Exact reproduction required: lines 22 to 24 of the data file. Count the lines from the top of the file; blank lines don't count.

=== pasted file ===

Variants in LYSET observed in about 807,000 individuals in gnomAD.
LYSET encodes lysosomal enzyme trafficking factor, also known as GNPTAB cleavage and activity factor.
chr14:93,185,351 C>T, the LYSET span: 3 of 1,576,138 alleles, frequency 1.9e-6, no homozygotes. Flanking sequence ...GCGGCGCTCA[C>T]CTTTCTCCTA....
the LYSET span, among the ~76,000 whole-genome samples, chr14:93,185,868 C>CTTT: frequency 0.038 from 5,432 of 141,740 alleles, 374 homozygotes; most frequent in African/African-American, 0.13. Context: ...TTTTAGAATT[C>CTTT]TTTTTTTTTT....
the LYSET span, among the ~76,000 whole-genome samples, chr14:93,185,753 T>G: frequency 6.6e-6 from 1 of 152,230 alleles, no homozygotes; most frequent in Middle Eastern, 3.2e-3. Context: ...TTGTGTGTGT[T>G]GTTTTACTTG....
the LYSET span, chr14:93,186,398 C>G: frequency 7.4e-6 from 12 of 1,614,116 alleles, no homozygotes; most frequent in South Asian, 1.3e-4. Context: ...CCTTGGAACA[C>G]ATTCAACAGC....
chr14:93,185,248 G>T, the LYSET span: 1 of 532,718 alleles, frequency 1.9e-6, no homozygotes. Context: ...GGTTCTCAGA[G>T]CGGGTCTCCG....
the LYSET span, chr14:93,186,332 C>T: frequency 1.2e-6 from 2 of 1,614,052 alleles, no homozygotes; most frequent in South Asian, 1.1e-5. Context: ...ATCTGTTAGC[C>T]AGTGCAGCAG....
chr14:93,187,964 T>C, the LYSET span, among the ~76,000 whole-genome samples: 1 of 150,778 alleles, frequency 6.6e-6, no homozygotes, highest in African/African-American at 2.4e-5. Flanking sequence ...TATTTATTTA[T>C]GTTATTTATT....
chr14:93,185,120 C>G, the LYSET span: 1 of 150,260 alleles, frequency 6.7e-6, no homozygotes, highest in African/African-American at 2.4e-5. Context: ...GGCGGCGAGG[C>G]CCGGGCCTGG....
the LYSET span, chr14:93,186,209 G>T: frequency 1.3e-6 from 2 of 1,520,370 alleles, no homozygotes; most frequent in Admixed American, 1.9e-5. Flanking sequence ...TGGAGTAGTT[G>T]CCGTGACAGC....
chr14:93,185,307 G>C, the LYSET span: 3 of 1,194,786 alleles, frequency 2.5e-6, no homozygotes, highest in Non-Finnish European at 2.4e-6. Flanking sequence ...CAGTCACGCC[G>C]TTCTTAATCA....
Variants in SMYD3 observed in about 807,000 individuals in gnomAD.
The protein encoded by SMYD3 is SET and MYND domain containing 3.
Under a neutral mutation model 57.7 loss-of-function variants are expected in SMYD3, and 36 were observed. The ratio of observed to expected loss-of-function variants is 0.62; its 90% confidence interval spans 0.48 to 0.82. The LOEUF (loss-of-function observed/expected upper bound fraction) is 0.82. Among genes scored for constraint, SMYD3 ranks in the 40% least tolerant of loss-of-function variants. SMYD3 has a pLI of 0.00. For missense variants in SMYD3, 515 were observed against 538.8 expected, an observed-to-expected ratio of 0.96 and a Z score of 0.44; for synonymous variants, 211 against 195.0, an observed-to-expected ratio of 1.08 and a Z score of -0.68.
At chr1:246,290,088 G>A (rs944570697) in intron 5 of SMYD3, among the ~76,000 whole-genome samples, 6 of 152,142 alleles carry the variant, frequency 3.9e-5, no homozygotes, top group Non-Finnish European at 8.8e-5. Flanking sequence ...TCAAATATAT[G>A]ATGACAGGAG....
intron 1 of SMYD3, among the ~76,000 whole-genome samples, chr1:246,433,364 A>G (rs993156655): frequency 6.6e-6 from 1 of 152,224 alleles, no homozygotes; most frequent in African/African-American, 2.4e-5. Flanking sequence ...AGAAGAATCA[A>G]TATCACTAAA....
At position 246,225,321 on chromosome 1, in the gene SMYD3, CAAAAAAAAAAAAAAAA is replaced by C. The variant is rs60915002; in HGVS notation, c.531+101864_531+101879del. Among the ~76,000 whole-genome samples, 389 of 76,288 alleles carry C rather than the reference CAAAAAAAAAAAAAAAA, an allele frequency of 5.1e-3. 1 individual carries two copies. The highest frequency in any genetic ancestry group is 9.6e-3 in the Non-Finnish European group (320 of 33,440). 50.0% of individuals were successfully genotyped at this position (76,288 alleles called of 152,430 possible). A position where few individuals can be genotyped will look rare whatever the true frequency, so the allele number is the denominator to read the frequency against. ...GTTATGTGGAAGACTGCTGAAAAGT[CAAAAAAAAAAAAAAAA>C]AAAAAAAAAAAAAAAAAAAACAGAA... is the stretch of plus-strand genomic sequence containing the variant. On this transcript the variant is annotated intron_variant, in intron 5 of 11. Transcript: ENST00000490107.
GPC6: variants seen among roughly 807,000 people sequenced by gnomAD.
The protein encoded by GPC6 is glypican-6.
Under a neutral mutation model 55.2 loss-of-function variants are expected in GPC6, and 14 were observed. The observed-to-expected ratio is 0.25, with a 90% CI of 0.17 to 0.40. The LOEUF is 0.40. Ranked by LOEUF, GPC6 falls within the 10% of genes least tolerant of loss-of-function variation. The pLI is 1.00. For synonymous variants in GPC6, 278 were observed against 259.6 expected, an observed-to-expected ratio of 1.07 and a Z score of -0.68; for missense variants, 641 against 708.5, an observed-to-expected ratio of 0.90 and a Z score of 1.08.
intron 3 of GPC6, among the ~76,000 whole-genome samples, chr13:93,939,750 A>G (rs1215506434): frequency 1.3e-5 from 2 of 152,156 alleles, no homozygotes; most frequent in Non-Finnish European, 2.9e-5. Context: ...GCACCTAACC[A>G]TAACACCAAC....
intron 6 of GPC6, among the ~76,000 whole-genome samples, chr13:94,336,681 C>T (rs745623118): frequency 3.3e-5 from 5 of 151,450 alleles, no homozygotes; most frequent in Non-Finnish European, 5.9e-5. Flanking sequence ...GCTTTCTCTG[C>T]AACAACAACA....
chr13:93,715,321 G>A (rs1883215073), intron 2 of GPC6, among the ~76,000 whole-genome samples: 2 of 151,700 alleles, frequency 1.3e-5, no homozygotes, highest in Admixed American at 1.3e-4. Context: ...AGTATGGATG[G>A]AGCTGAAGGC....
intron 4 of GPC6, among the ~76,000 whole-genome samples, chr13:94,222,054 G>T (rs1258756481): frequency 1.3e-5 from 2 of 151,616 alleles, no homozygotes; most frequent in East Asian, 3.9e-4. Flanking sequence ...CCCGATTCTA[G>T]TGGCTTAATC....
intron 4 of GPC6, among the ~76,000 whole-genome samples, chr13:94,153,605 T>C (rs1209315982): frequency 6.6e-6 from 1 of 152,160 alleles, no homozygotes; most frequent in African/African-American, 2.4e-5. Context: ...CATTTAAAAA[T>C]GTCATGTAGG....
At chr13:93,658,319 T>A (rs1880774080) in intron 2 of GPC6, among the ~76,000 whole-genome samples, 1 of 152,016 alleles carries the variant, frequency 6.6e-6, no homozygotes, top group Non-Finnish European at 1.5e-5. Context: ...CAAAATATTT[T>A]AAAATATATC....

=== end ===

intron 3 of GPC6, among the ~76,000 whole-genome samples, chr13:93,939,750 A>G (rs1215506434): frequency 1.3e-5 from 2 of 152,156 alleles, no homozygotes; most frequent in Non-Finnish European, 2.9e-5. Context: ...GCACCTAACC[A>G]TAACACCAAC....
intron 6 of GPC6, among the ~76,000 whole-genome samples, chr13:94,336,681 C>T (rs745623118): frequency 3.3e-5 from 5 of 151,450 alleles, no homozygotes; most frequent in Non-Finnish European, 5.9e-5. Flanking sequence ...GCTTTCTCTG[C>T]AACAACAACA....
chr13:93,715,321 G>A (rs1883215073), intron 2 of GPC6, among the ~76,000 whole-genome samples: 2 of 151,700 alleles, frequency 1.3e-5, no homozygotes, highest in Admixed American at 1.3e-4. Context: ...AGTATGGATG[G>A]AGCTGAAGGC....